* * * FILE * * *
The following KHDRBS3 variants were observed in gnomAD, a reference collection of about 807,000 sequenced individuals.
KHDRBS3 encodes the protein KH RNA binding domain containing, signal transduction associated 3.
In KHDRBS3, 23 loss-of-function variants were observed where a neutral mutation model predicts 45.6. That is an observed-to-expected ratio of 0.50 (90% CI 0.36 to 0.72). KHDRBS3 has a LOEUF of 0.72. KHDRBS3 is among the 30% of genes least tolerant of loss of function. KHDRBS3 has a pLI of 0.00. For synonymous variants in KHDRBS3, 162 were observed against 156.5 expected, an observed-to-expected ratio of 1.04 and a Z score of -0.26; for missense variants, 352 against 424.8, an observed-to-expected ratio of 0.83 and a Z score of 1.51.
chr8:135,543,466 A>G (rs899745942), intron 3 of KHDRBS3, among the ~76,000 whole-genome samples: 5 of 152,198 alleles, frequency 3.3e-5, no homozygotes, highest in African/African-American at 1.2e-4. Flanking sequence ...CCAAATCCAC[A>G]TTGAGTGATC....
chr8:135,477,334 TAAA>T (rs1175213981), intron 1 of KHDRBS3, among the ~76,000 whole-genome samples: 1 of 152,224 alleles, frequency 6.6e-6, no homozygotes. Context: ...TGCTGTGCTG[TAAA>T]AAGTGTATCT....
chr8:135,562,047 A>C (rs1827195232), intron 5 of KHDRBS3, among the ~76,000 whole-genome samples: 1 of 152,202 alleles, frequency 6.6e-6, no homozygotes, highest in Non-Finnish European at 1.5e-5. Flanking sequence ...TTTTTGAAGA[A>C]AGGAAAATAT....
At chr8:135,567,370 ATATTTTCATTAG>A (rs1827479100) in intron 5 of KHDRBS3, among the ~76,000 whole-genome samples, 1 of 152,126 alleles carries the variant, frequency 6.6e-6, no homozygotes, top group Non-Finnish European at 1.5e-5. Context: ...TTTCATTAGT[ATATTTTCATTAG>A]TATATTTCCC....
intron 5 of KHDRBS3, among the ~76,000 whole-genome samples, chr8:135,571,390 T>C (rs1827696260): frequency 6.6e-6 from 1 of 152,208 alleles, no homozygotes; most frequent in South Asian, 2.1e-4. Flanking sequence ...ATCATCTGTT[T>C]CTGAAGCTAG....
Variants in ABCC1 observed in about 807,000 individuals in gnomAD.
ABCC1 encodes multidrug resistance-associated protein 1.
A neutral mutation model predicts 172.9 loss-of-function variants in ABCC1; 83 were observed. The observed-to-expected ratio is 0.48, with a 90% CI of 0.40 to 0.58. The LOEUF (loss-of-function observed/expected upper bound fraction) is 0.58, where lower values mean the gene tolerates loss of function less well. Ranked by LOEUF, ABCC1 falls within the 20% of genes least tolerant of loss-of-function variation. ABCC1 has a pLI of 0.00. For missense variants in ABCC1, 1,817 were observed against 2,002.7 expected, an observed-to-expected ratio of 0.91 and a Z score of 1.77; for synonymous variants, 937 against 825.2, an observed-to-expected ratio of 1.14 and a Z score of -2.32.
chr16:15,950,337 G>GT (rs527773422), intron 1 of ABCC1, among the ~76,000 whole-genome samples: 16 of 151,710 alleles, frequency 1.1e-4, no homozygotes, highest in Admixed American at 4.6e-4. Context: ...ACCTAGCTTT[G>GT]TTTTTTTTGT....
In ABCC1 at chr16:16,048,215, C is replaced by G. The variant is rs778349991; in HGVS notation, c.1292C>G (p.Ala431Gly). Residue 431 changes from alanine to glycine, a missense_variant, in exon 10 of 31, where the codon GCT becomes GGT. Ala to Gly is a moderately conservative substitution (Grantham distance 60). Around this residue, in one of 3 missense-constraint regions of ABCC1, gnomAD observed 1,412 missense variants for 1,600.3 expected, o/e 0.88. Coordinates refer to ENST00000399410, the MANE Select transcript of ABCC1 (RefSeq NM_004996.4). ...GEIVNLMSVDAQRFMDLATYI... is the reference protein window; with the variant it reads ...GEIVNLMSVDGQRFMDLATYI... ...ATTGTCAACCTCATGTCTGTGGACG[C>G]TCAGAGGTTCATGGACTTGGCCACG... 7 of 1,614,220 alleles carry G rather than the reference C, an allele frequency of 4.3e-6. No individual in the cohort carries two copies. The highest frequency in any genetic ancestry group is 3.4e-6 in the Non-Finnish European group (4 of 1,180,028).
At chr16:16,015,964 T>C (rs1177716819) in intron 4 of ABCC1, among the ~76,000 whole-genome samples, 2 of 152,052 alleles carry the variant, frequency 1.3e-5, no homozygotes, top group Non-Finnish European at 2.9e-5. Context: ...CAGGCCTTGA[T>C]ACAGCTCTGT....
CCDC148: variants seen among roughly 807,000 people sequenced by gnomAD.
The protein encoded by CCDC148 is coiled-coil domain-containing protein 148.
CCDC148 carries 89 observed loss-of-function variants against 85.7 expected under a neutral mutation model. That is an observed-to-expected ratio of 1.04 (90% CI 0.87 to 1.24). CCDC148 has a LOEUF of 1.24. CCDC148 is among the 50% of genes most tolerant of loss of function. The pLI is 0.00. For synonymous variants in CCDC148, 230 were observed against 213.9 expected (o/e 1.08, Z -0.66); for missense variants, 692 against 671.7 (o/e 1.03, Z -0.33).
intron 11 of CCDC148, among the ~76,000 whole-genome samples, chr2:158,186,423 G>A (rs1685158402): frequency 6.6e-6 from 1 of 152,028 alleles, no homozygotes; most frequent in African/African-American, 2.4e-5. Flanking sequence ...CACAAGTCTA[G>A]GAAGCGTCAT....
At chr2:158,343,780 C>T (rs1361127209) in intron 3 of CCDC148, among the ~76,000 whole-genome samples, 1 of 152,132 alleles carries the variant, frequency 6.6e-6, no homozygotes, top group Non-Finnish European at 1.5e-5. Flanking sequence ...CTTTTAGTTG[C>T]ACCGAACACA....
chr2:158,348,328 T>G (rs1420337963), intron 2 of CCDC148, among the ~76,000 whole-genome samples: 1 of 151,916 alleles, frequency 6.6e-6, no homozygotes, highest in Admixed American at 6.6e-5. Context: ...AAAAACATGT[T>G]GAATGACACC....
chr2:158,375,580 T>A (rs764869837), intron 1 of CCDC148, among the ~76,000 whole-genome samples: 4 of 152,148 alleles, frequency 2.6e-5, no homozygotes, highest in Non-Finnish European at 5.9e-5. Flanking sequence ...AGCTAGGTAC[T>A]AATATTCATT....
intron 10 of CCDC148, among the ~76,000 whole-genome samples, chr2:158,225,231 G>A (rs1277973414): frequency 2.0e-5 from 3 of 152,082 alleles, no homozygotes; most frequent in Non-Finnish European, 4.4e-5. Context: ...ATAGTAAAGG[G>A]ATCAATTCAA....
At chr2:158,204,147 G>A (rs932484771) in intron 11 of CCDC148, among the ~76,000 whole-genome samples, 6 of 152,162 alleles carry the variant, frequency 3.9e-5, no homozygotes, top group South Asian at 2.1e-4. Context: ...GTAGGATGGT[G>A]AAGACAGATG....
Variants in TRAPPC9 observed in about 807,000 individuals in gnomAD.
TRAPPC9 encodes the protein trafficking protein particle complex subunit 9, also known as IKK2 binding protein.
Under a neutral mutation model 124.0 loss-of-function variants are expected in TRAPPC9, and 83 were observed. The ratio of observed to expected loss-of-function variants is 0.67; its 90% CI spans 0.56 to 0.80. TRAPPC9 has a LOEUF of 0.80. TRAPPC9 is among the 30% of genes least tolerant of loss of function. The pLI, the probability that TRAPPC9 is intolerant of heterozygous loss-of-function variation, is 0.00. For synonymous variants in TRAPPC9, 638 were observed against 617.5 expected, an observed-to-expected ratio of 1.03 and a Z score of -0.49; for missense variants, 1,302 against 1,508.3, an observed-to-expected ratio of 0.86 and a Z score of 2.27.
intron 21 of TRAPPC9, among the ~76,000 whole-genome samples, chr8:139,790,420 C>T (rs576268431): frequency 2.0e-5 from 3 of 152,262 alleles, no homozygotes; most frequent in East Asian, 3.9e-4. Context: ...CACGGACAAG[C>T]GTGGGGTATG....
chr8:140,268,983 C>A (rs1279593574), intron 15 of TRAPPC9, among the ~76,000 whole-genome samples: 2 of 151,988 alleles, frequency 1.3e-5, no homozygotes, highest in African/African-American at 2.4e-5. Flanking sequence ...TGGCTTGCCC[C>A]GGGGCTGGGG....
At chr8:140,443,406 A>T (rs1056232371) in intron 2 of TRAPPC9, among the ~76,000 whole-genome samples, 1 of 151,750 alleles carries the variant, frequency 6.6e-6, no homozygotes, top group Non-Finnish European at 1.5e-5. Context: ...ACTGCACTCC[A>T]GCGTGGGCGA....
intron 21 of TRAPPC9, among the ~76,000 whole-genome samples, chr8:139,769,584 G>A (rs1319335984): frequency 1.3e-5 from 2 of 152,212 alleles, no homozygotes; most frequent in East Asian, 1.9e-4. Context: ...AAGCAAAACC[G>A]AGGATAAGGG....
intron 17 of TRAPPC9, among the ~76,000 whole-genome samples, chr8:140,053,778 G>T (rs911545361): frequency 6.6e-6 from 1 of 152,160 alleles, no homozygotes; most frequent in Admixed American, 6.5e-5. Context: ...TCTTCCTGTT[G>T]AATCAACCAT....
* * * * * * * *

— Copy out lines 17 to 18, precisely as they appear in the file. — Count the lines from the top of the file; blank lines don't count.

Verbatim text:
CCDC148 carries 89 observed loss-of-function variants against 85.7 expected under a neutral mutation model. That is an observed-to-expected ratio of 1.04 (90% CI 0.87 to 1.24). CCDC148 has a LOEUF of 1.24. CCDC148 is among the 50% of genes most tolerant of loss of function. The pLI is 0.00. For synonymous variants in CCDC148, 230 were observed against 213.9 expected (o/e 1.08, Z -0.66); for missense variants, 692 against 671.7 (o/e 1.03, Z -0.33).
intron 11 of CCDC148, among the ~76,000 whole-genome samples, chr2:158,186,423 G>A (rs1685158402): frequency 6.6e-6 from 1 of 152,028 alleles, no homozygotes; most frequent in African/African-American, 2.4e-5. Flanking sequence ...CACAAGTCTA[G>A]GAAGCGTCAT....